It is not desirable to cultivate respect for the law, so much as for
the right. ‘ --Henry D. Thoreau
‘How does it become a man to behave toward this American government
today? I answer that he cannot without disgrace be associated with it. --Henry
‘Unjust laws exist: shall we be content to obey them, or shall
we endeavor to amend them, and obey them until we have succeeded, or shall
we transgress them at once?’ --Henry D. Thoreau
I doubt that any sane person would argue that civil society can or should operate
without at least some laws. Society exists in part because it has come to some
kind of agreement about what is acceptable conduct and what is not. Perhaps some
people will argue that there are too many laws. Others would argue that there
are unjust laws. I would place myself into the latter camp.
Civil law cannot set us free. Only our respect for the rights and welfare of
others can do that. Good laws exist—laws that were written to protect
people from discrimination; laws that were designed to protect life, liberty
and property. Unfortunately, in too many instances those laws are not applied
to everyone equally. Too often in the course of American history those laws
were not applied to certain groups of people. Those groups included but were
not limited to the American Indians, people of color, women, laborers and immigrants,
and the millions upon millions of people trapped in the lowest socio-economic
We operate under the assumption that the laws of the land are in place to protect
our human welfare and to safe guard property from being unjustly taken from
us. It may be argued that that is the intent of the law; but it is often not
how the law is applied. It is the application of law that determines outcomes,
not the intent of law. History is replete with examples.
America is a class society. There are the haves and the have-nots. Viewed in
this way, one can see the law, or shall we say—authority—as existing
to protect the haves from the have-nots. Thus it can be seen that both law and
authority, mean different things to the different classes. So the government
does not consider all people, both citizens and non citizens alike, as equal
under the law. As it is applied to real life situations, the laws of the land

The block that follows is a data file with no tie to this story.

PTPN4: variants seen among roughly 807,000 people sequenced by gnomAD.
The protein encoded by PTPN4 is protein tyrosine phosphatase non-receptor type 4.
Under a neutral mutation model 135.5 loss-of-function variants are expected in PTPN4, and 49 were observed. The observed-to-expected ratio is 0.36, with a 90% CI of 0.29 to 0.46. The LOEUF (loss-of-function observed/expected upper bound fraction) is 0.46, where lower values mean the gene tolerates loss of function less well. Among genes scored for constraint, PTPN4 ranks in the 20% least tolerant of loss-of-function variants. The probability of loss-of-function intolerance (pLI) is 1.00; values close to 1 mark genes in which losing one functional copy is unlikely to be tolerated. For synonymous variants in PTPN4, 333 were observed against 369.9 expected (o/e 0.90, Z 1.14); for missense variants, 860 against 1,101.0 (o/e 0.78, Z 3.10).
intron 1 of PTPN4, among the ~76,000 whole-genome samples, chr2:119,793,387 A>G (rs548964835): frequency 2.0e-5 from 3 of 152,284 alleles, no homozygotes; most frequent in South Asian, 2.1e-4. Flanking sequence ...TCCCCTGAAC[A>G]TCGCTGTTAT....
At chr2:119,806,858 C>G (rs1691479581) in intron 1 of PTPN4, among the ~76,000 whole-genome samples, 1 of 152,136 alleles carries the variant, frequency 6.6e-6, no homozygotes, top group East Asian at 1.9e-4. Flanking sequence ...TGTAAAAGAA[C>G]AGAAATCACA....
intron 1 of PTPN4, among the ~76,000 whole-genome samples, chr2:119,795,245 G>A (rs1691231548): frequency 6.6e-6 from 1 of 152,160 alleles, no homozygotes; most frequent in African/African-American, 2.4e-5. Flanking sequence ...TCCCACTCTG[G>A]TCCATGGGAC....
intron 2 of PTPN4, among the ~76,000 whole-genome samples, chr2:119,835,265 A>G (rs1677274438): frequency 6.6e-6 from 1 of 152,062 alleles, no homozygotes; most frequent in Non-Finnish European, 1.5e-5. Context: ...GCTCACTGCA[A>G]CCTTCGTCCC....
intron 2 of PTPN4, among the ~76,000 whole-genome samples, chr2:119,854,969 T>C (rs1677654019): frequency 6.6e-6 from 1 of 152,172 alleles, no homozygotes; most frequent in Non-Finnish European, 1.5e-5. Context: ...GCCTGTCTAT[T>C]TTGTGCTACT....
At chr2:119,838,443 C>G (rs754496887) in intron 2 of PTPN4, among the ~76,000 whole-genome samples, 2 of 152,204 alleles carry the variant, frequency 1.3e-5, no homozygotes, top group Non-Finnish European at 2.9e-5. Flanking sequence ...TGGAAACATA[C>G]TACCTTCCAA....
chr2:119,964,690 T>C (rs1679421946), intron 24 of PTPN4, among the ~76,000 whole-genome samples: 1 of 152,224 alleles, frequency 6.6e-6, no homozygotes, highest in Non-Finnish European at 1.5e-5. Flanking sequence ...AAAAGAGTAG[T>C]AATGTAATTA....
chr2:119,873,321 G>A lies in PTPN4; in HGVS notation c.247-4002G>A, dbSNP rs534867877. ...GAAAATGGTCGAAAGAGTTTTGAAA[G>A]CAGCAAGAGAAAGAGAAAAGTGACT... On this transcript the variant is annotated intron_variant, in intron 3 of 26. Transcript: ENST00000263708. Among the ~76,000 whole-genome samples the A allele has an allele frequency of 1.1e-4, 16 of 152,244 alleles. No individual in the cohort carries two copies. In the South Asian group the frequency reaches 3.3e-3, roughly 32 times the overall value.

are quite often unjust.
Now we find ourselves in a moral conundrum. Should just people obey
unjust laws? Should they obey authority that does not have their own welfare
at heart? Should they be loyal to authority that takes from the poor and gives
disproportionately to the rich? Should they lend their support to a military
industrial complex that uses them as cannon fodder in wars in which they have
no stake? Should they obey the authority of heartless and soulless corporate
entities—legal fictions—who behave like sociopaths but write many
of the laws governing corporate behavior? The answer is a resounding NO!
When the government operates in the corporate interest and against
the public interest, the citizens do not owe it their allegiance. Indeed, they
have an ethical responsibility to resist and dismantle a government that does
not protect the public interest. They have a moral obligation to act in their
own self interest. After all, it is a matter of survival. When the
political system is broken beyond repair they have both a right and an obligation
to revolt. I would argue that that is the situation today.
So the question becomes: how do people concerned about social justice accomplish
those ends? Can they be affected by operating within a corrupt and unjust political
system? The answer lies in an examination of American history.
The most important advances of American society have come from citizens who
operated outside of the law. Examples include winning the eight hour work day
by organized labor, ending child labor laws, shutting down chattel slavery,
winning the right of people of color to vote, ending the Viet Nam war, and ending
racial segregation. Those victories were won not through obedience of the law,
or by respecting unjust authority—they were won through acts of civil
As long as people obey unjust laws we will have unjust government. Like our
predecessors in the labor and civil rights movements, we have to be willing
to take protest to the next level. When the government—I hesitate to call
it our government—turns a deaf ear to the concerns of its citizens and
the rest of the world, we have been absolved of all ethical obligation to that
government. It is the government that is disloyal, not the citizenry. Our intent
must become ‘Death to the state.’
Millions of people have taken to the streets in an effort to halt the invasion
and occupation of Iraq. Clearly, it has been demonstrated time and time again
that the huge majority of American citizens do not want war. Only the suicidal
are anxious to throw their lives away. The majority does not support American